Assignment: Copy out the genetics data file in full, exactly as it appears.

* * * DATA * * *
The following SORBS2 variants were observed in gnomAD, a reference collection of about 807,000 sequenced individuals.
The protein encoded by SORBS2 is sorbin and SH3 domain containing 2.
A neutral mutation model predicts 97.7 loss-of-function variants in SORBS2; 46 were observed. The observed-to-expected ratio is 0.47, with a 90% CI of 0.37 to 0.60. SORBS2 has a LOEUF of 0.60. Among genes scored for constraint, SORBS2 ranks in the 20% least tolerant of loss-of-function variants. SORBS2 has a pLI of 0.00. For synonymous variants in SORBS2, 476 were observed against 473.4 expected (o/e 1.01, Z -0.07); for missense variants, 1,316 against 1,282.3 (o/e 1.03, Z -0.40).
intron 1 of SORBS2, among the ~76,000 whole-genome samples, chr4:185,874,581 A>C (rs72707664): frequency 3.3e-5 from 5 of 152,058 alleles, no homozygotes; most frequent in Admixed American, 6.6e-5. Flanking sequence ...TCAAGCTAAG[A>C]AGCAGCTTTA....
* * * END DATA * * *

The following SORBS2 variants were observed in gnomAD, a reference collection of about 807,000 sequenced individuals.
The protein encoded by SORBS2 is sorbin and SH3 domain containing 2.
A neutral mutation model predicts 97.7 loss-of-function variants in SORBS2; 46 were observed. The observed-to-expected ratio is 0.47, with a 90% CI of 0.37 to 0.60. SORBS2 has a LOEUF of 0.60. Among genes scored for constraint, SORBS2 ranks in the 20% least tolerant of loss-of-function variants. SORBS2 has a pLI of 0.00. For synonymous variants in SORBS2, 476 were observed against 473.4 expected (o/e 1.01, Z -0.07); for missense variants, 1,316 against 1,282.3 (o/e 1.03, Z -0.40).
intron 1 of SORBS2, among the ~76,000 whole-genome samples, chr4:185,874,581 A>C (rs72707664): frequency 3.3e-5 from 5 of 152,058 alleles, no homozygotes; most frequent in Admixed American, 6.6e-5. Flanking sequence ...TCAAGCTAAG[A>C]AGCAGCTTTA....